law enforcement entirely. No conducting interviews abroad. No
requesting records from foreign governments or overseas banks. And
absolutely no more talking to the press. Andrew Jennings, helpful
though he might be, was out.
was no question that all those restrictions were, in some ways,
going to make the case trickier to develop. Considering how many
meetings, tournaments, and other soccer events took place outside
the borders of the United States, and how many of the potential
targets werent American, it was as if they were intentionally tying
their hands behind their backs. But they would just have to get
creative and figure out different ways to gather evidence. Secrecy
case was going dark.
Blazer was Queen for a Day.
was Dec. 29, a Thursday, and cold, with temperatures in Brooklyn
hovering right around freezing. Blazer settled into a conference
room in the United States Attorneys Office overlooking Cadman Plaza.
had been caught in a crime, a serious and easy-to-prove felony, and
his goal was to trade useful information for a better deal down the
however, Norris spoke. Although he was nearly as tall as Blazer, the
prosecutor seemed almost comically slender beside the hulking man,
occupying just a fraction of the space at the table, swimming in his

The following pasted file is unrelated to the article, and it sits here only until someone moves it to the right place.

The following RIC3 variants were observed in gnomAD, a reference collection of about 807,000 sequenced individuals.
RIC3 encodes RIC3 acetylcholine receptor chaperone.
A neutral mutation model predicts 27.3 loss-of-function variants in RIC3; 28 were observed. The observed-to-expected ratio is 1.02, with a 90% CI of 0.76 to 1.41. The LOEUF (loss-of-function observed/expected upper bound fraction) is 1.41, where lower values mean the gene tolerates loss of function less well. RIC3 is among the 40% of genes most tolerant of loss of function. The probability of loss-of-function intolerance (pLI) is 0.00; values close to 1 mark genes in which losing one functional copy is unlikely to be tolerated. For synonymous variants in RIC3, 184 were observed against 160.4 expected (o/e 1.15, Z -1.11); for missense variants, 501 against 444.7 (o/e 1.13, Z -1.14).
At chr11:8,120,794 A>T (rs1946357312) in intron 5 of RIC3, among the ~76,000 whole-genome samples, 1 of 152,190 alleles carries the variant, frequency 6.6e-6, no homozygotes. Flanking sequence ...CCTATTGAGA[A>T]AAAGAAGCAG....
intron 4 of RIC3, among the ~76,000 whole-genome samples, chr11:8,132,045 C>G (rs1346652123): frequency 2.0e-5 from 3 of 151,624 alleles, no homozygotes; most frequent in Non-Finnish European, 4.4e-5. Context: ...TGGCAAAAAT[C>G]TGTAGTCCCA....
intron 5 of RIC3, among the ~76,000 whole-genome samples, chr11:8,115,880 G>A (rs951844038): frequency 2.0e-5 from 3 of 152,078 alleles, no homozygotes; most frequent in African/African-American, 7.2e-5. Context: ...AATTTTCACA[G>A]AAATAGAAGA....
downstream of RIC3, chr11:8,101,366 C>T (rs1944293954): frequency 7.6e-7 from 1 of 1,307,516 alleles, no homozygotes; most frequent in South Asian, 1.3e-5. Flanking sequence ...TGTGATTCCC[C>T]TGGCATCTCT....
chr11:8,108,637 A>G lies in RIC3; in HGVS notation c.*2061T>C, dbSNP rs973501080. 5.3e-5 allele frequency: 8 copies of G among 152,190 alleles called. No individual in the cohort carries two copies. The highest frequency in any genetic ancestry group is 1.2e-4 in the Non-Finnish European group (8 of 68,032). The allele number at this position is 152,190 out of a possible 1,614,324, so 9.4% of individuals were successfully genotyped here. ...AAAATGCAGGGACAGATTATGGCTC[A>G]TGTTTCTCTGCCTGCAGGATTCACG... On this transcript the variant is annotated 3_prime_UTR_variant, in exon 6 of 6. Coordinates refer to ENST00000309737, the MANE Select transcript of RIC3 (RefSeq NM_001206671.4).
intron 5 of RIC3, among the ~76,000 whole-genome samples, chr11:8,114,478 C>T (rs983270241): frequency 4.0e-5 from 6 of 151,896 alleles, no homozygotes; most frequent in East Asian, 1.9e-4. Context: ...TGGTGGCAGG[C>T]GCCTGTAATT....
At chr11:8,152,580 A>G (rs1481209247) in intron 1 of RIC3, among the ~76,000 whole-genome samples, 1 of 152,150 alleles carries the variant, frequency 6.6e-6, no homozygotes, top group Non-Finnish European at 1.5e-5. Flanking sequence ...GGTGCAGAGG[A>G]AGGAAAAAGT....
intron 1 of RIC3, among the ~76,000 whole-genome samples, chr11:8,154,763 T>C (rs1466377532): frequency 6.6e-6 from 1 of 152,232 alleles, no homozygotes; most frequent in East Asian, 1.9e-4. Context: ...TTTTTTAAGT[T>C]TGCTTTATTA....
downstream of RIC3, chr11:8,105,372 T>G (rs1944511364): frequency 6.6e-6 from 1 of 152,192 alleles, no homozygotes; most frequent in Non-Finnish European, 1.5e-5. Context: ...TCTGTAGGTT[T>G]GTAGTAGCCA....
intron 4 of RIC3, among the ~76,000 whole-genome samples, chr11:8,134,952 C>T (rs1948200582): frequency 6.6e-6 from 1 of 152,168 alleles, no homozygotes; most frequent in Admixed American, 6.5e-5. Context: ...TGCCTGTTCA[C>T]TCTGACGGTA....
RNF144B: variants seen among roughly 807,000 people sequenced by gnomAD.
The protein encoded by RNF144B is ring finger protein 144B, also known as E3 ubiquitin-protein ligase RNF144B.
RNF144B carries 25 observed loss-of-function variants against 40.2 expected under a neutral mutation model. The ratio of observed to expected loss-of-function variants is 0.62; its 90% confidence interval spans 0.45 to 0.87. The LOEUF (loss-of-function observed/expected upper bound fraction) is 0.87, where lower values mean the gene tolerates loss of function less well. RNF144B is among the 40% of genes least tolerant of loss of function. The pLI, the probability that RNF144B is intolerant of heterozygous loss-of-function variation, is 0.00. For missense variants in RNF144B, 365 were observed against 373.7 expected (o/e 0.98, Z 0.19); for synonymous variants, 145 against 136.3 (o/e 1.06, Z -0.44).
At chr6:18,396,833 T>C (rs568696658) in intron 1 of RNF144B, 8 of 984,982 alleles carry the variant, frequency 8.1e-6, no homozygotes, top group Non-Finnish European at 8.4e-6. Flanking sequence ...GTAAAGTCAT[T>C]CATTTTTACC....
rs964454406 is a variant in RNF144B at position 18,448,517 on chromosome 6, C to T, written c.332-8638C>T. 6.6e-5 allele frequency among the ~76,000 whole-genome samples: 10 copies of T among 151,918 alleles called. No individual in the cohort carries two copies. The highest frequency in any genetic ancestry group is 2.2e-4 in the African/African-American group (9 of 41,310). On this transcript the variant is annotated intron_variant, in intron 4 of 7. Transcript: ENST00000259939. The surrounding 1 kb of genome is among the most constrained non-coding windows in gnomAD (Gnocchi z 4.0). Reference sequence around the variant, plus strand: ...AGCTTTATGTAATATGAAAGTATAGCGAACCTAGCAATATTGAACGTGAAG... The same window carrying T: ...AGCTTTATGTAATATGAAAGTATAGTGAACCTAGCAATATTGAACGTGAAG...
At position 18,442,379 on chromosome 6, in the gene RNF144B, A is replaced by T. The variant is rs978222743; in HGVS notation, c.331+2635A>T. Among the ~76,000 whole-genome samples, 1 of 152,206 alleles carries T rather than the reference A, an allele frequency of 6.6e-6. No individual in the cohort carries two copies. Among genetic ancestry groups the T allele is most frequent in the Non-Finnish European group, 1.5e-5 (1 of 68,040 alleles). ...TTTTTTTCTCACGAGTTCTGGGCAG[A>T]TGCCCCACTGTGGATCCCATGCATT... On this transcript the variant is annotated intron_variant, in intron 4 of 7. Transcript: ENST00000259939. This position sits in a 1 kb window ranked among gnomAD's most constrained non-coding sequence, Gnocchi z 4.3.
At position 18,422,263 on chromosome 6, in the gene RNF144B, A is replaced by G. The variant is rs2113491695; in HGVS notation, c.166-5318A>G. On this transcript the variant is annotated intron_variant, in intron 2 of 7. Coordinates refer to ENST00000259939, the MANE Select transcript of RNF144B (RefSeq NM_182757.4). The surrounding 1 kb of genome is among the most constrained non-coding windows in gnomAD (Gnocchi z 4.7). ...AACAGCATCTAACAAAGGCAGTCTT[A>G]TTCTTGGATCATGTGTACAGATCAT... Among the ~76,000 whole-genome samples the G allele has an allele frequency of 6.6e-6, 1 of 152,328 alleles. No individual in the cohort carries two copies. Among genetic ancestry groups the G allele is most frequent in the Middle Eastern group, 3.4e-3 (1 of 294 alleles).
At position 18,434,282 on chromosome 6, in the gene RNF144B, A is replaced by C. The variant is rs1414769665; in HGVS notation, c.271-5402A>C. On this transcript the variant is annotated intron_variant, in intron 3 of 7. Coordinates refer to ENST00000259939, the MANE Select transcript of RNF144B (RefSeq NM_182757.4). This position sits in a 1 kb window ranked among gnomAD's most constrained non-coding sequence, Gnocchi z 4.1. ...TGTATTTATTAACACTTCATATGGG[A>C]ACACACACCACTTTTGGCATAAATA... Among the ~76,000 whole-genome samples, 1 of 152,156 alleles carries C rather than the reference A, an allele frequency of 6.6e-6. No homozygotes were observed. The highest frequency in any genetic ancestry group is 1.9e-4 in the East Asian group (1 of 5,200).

dark suit while the soccer official threatened to burst out of his.
Norriss face betrayed no emotion, other than a slight furrowing of
his thick eyebrows, as he stared at Blazer and calmly explained
exactly what was about to happen. If there had been any confusion
about who was in charge, it immediately dissipated.
was a proffer session. Blazer was not being offered a plea deal or
immunity of any kind. Instead, Norris assured Blazer that any
information he provided, including indications of any crimes he
himself had committed, would not be held against him in court. The
prosecution would simply use whatever he told them as leads to hunt
down evidence of other crimes by others. Although that protection
did not extend beyond what was said that day, in that room, it meant
that for the moment Blazer could freely share without fearing it
would leave him in worse shape.
attorneys snidely called proffer sessions Queen for a Day meetings,
after the 1950s and 1960s game show by the same name, in which four
down-on-their-luck women would be interviewed by host Jack Bailey
about their hardships. After they were all done, the studio audience
would vote with applause on whose sob story was most
heart-wrenching, and the winner would be wrapped in velvet robes,
crowned, seated on a throne, given four dozen roses, and showered